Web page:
The ultimate getaway, these pricey resorts can be found “on mountaintops, in quaint villages, or in sleek urban centers,” according to the travel magazine.

For those willing to splurge less, “glamping” – is becoming another chic way to get away from it all.

What’s glamping? It’s a phrase coined by Mary Jane Butters, owner of Mary Jane’s Farm, which was recently named one of the top five destinations in America to unplug. Visitors to Mary Jane’s Farm can nix the noise of technology through an outdoor vacation experience that combines camping and glamour.

“Unplugging is the new ‘decompressing,’” Butters said in an interview with Enhanced Online News. “And, due to the economy, Americans are turning to camping as an affordable vacation option.”

Of course, for those of us who can’t afford to get away right now, there’s always the option of turning off the cell phone, shutting down the computer, tuning out the television. We call it unplugging.

Exercising Willpower to Unplug from Technology

“Willpower,” a new book by psychologist Roy F. Baumeister and “New York Times” science writer John Tierney, provides some great tips for exercising self-control. It’s a great skill to have for those of us who have resolved to be less tied to technology in the new year.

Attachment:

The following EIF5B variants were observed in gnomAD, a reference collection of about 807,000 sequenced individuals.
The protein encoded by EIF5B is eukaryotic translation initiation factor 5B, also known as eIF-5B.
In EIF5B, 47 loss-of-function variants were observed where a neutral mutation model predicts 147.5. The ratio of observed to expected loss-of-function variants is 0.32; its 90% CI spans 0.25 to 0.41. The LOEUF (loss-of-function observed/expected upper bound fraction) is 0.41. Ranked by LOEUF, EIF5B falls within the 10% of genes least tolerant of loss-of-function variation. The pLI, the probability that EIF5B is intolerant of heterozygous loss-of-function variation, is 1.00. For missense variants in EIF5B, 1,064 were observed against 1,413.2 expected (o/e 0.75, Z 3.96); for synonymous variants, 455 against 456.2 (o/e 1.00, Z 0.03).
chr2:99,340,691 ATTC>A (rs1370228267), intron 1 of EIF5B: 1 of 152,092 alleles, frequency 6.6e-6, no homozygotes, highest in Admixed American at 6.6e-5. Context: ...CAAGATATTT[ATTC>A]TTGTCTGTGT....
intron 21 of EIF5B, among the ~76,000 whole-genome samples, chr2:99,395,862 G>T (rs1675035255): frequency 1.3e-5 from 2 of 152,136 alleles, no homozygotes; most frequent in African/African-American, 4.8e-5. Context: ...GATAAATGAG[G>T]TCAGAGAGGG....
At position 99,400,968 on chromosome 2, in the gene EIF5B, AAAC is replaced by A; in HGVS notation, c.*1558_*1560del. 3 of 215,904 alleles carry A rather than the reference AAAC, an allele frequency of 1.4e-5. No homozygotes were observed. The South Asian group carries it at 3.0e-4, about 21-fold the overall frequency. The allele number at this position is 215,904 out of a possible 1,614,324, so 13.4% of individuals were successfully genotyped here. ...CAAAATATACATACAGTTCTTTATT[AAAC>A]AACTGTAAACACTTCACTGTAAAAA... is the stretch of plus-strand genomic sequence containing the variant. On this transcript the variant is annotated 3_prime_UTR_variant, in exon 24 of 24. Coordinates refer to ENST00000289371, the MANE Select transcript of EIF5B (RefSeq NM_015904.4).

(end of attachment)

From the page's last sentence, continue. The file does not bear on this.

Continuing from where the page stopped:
The authors of “Willpower” liken willpower to a muscle that can be both strengthened or weakened. In Baumeister’s experiments, students asked to engage in tasks requiring tremendous impulse control later suffered from serious willpower lapses when asked to perform subsequent tasks also requiring willpower – something Baumeister calls “ego depletion.”

But the psychologist also found out that like a muscle, willpower can be strengthened over time by undertaking small tasks requiring self-control. For example, Baumester asked students to exercise regularly, use a mouse with their weaker hand, or speak in complete sentences without swearing. He found that students who accomplished these tasks successfully were more resistant to ego depletion and showed greater self-control in other areas of their lives. Not surprisingly, say the authors, people who exercise willpower frequently – such as observant religious people – often have better self-control than those who don’t.

We at Unplug and Reconnect were inspired by “Willpower” to think about how Baumeister’s and Tierney’s strategies could be put to practical use for those who want to take an occasional break from technology. So, with a nod to the authors, we offer these ideas:

  • Start small. If your goal is to drastically cut down the time you spend glued to technology, don’t try to go cold turkey – start with baby steps.
  • Practice. Build your willpower muscle by designating a tech-free hour everyday. Work your way up as you build your self-control muscle.
  •  Out of sight means out of mind. Put your cell phone in another room during meals, at bedtime, or at any other time you want to avoid using it.
  • Make it less convenient. If you want to spend less time on the computer, shut it down completely so it’s less easy to log on.